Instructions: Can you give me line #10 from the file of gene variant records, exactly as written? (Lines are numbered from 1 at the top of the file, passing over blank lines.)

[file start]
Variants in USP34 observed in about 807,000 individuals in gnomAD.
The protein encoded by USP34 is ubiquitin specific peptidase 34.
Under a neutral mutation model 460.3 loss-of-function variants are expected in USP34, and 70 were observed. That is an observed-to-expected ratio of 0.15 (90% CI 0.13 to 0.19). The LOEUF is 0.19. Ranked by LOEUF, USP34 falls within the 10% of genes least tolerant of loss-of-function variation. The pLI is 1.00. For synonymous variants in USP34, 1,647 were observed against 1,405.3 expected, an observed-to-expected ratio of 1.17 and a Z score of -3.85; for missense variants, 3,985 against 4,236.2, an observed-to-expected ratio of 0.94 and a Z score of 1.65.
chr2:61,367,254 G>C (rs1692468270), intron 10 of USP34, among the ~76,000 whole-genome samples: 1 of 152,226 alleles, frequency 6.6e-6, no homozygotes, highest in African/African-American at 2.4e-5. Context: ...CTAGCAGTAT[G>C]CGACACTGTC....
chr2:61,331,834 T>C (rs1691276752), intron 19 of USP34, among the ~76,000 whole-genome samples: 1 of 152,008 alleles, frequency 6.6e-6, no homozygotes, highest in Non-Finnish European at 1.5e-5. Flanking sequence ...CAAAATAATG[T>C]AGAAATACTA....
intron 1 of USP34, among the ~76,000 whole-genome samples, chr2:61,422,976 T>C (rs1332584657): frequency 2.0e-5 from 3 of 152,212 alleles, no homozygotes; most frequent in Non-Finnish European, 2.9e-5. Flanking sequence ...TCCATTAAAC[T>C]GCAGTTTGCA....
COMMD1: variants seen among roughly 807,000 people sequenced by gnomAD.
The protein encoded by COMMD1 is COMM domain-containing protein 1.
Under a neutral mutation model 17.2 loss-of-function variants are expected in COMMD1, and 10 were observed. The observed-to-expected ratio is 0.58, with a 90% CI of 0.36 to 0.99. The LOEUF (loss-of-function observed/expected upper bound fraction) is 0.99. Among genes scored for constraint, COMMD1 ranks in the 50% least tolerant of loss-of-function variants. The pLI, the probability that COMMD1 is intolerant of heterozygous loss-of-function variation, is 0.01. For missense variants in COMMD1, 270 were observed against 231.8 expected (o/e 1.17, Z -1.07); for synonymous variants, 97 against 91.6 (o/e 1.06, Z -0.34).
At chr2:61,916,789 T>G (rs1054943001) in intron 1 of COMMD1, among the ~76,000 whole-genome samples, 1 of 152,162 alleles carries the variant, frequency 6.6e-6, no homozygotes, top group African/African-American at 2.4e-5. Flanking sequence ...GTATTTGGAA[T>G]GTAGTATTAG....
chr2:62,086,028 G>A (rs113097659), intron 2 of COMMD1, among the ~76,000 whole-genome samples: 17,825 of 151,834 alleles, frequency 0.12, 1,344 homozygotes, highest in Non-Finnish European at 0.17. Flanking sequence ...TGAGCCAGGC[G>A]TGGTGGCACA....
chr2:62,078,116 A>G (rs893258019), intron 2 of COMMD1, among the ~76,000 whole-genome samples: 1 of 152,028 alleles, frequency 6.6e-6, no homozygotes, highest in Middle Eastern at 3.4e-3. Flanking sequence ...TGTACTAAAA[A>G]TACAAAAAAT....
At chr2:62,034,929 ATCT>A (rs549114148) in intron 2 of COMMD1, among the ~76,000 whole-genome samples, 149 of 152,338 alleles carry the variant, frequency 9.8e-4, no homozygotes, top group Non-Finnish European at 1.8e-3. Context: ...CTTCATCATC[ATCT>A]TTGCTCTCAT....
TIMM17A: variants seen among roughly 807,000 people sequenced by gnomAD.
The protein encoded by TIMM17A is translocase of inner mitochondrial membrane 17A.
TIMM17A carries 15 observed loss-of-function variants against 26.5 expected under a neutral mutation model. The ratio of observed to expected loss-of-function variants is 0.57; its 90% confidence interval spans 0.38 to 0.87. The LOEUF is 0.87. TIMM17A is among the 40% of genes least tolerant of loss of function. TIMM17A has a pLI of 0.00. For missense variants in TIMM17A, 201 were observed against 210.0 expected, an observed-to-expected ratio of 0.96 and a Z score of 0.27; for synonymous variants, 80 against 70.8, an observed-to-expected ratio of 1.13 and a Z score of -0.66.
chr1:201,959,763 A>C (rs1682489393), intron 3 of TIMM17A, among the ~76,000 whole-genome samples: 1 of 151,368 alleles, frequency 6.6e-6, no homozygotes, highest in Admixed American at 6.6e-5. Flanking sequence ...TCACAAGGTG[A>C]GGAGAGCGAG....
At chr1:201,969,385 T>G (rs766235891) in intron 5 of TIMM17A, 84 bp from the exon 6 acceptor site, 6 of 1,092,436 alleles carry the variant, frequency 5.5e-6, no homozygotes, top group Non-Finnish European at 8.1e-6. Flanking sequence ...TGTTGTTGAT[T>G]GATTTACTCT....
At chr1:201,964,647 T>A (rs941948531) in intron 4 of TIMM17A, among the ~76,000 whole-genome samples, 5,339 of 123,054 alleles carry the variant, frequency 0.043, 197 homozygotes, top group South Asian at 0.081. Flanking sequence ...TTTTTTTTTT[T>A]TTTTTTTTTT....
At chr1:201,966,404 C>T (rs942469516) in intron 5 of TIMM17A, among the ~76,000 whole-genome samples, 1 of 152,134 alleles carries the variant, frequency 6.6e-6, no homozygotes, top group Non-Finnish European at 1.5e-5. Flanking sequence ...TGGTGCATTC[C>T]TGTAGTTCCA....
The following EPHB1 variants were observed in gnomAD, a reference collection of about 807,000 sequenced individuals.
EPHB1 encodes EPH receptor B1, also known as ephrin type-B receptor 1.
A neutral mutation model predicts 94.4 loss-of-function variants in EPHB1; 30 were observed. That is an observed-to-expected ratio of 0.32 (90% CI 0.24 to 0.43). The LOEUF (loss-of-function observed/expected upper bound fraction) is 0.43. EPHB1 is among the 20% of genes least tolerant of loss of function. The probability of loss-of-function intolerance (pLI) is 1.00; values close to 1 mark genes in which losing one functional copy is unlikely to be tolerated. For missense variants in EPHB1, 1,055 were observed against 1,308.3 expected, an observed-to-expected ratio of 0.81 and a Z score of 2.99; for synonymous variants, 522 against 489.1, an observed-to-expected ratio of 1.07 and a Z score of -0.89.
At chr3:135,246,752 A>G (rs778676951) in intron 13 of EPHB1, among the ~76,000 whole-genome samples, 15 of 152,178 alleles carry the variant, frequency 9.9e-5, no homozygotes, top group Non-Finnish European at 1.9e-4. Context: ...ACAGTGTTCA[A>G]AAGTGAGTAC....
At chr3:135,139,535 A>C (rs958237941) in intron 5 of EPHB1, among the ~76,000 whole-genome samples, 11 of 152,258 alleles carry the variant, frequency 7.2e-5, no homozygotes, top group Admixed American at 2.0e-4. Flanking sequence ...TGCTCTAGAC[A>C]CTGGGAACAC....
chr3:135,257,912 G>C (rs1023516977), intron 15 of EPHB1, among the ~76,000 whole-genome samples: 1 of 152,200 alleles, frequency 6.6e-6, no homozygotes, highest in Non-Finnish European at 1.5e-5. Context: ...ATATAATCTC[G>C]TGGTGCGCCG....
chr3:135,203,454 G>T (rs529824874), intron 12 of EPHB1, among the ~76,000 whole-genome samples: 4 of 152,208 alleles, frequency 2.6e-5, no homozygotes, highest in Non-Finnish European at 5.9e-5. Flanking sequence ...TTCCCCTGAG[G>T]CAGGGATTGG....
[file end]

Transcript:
At chr2:61,916,789 T>G (rs1054943001) in intron 1 of COMMD1, among the ~76,000 whole-genome samples, 1 of 152,162 alleles carries the variant, frequency 6.6e-6, no homozygotes, top group African/African-American at 2.4e-5. Flanking sequence ...GTATTTGGAA[T>G]GTAGTATTAG....